Now, while conceptual differences between approaches are frequently sharply stressed, it is interesting to see whether policies, as actually practiced, do really show such a variance in actual implementation. This is perhaps the point where a postmodern linguist (à la one of David Lodge’s characters) could become helpful. In deconstructing and re-interpreting the wording one could, of course, rather easily render for example the Bundesbank’s policy approach as implicit inflation targeting — as have done Bernanke et al. The ‘unavoidable inflation’ (or later: the ‘price norm’) as a core part of monetary policy formulation as well as implementation make distinctions in some eyes arbitrary. In fact, on the conceptual level one could assert that the Bundesbank’s ‘pragmatic monetarism’ has stressed more the qualifier than the noun. In pondering an explanation by Helmut Schlesinger, Chief Economist and later President of the Bundesbank, of the Bundesbank's money supply targeting (in those days central-bank-money, not M3) Alan Blinder came to the conclusion that ‘(i)t is hard to imagine a clearer description of a purely discretionary re-gime…(y)et no one doubts the Bundesbank's anti-inflationary zeal’.12

Some even claimed that the Fed under Alan Greenspan followed the IT approach, quoting his famous (though characteristically vague) remark from 1989 that the Fed would try to control monetary policy in order to produce ‘price levels sufficiently stable so that expectations of change do not become major factors in key economic decisions.’ Such a proposition, however, would somehow amount to a reduction of IT ad absurdum. Nonetheless, when actual monetary policy, is located on a spectrum between the poles of art and science, conceptual differences can easily be over-rated. Jürgen von Hagen and Manfred Neumann, in our view correctly, hold that 'IT, like other monetary policy strategies, must be seen in the context of (economic) culture and traditions…Giving the central bank’s commitment to price stability and its willingness to bind its policy to an intermediate target…the choice between an inflation target or a monetary policy aggregate then is probably more a question of culture than economic principles.’13 Empirically, in other words, it’s impossible to tell the difference. In the dark of the night all cats look grey.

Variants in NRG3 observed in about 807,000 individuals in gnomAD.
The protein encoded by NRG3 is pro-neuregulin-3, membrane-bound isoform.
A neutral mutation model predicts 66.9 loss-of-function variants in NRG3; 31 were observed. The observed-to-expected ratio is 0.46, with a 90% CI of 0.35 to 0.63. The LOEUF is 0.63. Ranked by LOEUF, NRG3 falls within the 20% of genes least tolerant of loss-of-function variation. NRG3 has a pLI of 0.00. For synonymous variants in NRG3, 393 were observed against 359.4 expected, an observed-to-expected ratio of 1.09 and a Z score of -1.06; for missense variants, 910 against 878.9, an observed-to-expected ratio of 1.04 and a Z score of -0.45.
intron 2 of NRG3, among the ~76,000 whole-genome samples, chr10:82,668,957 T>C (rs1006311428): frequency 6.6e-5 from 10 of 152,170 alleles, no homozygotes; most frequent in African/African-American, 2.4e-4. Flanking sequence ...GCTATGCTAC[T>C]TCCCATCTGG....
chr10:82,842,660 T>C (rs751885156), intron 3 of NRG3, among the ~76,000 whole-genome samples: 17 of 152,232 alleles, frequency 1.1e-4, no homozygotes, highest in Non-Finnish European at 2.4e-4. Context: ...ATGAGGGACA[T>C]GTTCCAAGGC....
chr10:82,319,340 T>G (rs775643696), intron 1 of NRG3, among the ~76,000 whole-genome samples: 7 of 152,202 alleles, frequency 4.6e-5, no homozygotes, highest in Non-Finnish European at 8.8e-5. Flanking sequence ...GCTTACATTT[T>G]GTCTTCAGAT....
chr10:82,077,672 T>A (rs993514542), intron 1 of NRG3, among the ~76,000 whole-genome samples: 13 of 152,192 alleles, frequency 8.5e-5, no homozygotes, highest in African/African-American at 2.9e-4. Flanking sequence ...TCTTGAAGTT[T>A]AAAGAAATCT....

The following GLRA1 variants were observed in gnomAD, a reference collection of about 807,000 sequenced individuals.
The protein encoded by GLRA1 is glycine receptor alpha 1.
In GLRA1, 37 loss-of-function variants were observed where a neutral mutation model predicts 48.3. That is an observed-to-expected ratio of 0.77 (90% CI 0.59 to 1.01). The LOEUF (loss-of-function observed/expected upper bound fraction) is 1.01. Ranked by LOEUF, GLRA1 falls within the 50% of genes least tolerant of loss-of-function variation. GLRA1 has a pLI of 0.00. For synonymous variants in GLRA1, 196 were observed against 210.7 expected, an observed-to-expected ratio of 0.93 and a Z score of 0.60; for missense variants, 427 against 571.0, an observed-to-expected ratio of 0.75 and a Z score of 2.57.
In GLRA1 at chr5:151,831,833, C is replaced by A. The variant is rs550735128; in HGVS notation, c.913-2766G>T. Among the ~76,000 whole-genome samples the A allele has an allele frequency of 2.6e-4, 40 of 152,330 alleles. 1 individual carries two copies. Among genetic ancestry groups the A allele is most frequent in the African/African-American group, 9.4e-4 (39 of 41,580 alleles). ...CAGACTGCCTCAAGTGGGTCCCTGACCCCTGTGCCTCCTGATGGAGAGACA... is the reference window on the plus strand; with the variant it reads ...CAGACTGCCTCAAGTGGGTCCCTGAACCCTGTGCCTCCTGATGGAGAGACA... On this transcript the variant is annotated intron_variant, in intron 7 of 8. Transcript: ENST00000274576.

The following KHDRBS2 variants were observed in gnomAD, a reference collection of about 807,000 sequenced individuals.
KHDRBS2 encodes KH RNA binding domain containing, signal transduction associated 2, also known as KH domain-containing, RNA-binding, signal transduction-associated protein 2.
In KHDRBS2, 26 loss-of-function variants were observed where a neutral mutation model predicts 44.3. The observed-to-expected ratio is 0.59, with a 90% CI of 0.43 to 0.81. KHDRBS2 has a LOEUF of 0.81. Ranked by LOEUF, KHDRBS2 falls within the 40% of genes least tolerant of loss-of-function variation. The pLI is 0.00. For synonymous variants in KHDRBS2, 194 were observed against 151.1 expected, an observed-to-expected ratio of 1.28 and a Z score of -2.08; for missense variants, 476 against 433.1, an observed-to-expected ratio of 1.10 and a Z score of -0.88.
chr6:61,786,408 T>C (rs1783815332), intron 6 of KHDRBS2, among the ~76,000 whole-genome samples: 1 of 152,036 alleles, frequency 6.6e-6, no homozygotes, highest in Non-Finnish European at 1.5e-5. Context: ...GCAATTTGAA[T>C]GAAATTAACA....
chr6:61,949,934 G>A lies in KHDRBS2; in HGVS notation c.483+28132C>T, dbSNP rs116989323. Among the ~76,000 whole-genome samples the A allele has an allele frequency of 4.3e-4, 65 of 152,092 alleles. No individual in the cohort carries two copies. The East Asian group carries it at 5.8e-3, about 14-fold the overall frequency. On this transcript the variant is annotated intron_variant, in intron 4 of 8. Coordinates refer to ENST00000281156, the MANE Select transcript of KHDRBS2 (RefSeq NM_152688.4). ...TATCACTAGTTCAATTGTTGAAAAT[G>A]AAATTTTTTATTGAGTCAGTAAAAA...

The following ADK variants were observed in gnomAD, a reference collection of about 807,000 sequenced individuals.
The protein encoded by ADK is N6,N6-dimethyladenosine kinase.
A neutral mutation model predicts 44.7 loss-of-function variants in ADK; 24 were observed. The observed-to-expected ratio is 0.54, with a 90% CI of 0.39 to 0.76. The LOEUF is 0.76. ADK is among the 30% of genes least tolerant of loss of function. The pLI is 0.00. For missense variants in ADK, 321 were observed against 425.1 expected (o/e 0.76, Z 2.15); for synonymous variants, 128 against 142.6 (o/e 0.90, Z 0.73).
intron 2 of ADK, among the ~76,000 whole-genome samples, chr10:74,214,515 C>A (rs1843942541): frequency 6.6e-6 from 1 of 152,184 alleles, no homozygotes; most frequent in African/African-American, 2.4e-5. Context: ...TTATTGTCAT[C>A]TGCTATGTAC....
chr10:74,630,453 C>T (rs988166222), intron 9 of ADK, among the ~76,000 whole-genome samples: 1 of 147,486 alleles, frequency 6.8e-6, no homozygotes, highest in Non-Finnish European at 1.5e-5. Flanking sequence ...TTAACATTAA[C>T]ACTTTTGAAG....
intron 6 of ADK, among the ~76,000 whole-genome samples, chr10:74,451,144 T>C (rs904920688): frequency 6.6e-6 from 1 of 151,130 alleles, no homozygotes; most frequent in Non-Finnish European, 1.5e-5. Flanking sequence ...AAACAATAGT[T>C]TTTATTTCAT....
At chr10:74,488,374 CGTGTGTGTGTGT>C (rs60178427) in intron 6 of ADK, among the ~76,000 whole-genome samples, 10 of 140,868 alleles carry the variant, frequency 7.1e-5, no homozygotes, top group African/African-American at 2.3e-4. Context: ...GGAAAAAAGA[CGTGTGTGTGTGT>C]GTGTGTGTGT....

In any case, IT and instrument independence, the two 1990s institutional innova-tions, did matter in the UK’s case. They contributed, over and above, structural factors to the great macro moderation. As a result of the observational similarities between the pragmatic monetarism, IT and the two pillars they do face, however, the same challenges.

We conclude by alluding to two: first, Benjamin Friedman forcefully argues against IT because, in the US context, it would, in his eyes, dilute the dual mandate, ‘the objectives beyond price stability’. Moreover, Friedman holds that words should matter and complains 'that under inflation targeting policymakers normally reveal to the public only one of their multiple targets — which would obviously undermine transparency. Friedman once remarked that he mainly liked what the ECB does, but does not at all appreciate how she phrases it. This is the whole issue of communication and transparency, which, of course, exists for a while. In any case, Friedman posits that predictability would be clearly buttressed if all the reasons un-derlying policy formation were laid out. In former, ‘opaque’ times, central bank watchers have been less exacting. Paul Samuelson, for example, argued ‘For fifty years the Fed has not seemed to me mysterious or perverse. Like the old farmer who found his donkey by asking himself, “Where would I go if I were a jackass?” I could mostly guess in which direction the Fed would move. This despite its own talk.’ 14